The commonest reason for misplacement is which a number has fallen into disuse in one part of a zone and been re-used in a different part. Examples include the A176, originally on Teesside but now in Essex; the A403, originally in west London but now in Gloucestershire; and the A437, originally in Gloucestershire but now in west London. (It has been suggested that the last two could be swapped!) The best-known example, the A303 long-distance route to south-west England, is slightly unusual in that the number never fell into disuse, but was exchanged with another number, A3036 (now a road in south-west London). More on this in a later section.
Use of unallocated numbers
Less frequently, numbers that did not form part of the initial allocation are used in what appears to be the "wrong" part of the zone. A rare two-digit example is the A89, which along with the A79 and A99 did not form part of the 1920s scheme; it was then used on parts of the former A8 between Edinburgh and Glasgow. In zone 5, the three-digit numbers originally only went up to A597 (in Cumberland); both A598 and A599 were later allocated to Lancashire, though the A598 has subsequently been reused again in north London.
Three-digit B-road numbers are particularly susceptible to this form of treatment as many of them were not used in the initial allocation. For example, the B439 in Warwickshire comes from a range that was initially reserved for London, but not required; the B390 in Wiltshire, like other numbers with a 9 as the second digit, comes from a range that was held in reserve in case more numbers were needed in south-east England. The range B600-B649 is particularly interesting as it was apparently never reserved for any purpose, and a handful of numbers from that range have been used in various locations, e.g. the B600 in Derbyshire and Nottinghamshire. Such numbers appear to be "misplaced" even though there's nowhere that they properly belong!
Inappropriate number length
The principle that the number of digits in an A-road number reflects the importance of the road has been compromised on many occasions since the roads were first numbered. Many current numbers still reflect the traffic priorities of the 1920s even though the network has changed substantially since then.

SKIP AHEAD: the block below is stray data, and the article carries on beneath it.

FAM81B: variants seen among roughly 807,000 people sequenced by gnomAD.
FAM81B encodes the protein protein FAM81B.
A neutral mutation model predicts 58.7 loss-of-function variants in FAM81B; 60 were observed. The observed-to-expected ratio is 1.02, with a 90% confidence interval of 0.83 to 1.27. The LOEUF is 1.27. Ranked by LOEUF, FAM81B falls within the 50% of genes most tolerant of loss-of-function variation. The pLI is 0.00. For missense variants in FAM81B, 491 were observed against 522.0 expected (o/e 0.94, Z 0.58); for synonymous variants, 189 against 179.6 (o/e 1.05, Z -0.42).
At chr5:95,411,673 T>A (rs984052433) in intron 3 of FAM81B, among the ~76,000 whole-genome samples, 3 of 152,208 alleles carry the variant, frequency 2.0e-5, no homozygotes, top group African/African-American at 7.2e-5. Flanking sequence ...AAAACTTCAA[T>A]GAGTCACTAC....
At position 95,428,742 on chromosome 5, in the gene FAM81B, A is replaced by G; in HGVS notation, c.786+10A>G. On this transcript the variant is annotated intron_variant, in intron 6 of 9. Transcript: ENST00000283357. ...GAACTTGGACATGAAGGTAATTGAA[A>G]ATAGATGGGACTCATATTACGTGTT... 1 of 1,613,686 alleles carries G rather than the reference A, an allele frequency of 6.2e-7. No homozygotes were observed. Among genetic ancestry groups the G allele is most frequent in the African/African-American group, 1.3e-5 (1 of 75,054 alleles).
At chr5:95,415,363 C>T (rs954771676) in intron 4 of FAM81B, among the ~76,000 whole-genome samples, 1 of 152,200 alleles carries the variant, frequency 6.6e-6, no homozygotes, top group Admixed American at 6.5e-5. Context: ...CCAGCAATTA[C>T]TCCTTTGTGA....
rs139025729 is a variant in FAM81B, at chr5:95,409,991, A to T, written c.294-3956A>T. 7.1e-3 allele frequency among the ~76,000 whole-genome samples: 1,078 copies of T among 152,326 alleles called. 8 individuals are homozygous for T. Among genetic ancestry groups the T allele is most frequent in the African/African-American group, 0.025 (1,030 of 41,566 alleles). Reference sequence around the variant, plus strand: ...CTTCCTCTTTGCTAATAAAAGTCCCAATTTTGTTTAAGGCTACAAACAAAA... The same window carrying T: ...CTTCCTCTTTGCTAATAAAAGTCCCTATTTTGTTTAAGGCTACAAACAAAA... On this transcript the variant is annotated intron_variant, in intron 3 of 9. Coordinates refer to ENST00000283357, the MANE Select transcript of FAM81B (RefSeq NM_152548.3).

Perhaps the earliest violation of this principle was when the A1079 was created as a consequence of the 1924 A1 Renumbering. It was previously part of the A66 but became isolated from the rest of the road when the A1 was rerouted via Scotch Corner, so a new number from zone 1 had to be found. As no two-digit or three-digit numbers were available the next four-digit number in sequence had to be used. The section between York and Hull retains the number to this day even though it is an important trunk road. Other important roads from the early days of road numbering were sometimes given the next four-digit number, such as the A4123 Birmingham - Wolverhampton New Road, whilst others (such as the A580 between Liverpool and Salford) were given shorter numbers, with the original numbered route given a new, longer number.
In other cases a road bearing a three-digit number has been given priority over a two-digit road that was considered to take a less appropriate route. For example, the A57 across the Pennines between Manchester and Sheffield runs through the Snake Pass, notorious for being closed in bad weather. The designated Primary Route is in fact through the Woodhead Pass via the A628 and A616, but the numbers have not been changed to reflect the changed priorities. Similarly the A39 via Porlock Hill in Somerset (with an 1 in 4 gradient) has been superseded as the main route to north Devon by the A361. The A56 between Manchester and Chester is another road that has been eclipsed by a three-digit rival, the A556 (though nowadays the M56 relieves both of them).
Perhaps the best-known example, though, is the A303 between Hampshire and Devon, already mentioned in another context. This route dates back to the 19th century when it was constructed as an express turnpike road as an alternative to the traditional coaching route via Salisbury and Yeovil, which became the A30. For some reason it received no coherent number in the 1922 scheme, and the number A303 had to be transferred from London in the 1930s, presumably because of its similarity to A3036, which was already in use on a section of it. It was later designated as a Trunk road, and upgraded to dual carriageway along much of its length. Today the parallel A30 is no longer even a Primary Route.
There are two types of duplicated numbers: those created by the division of a road, and accidental duplications. Some people do not regard the first type as genuine duplications.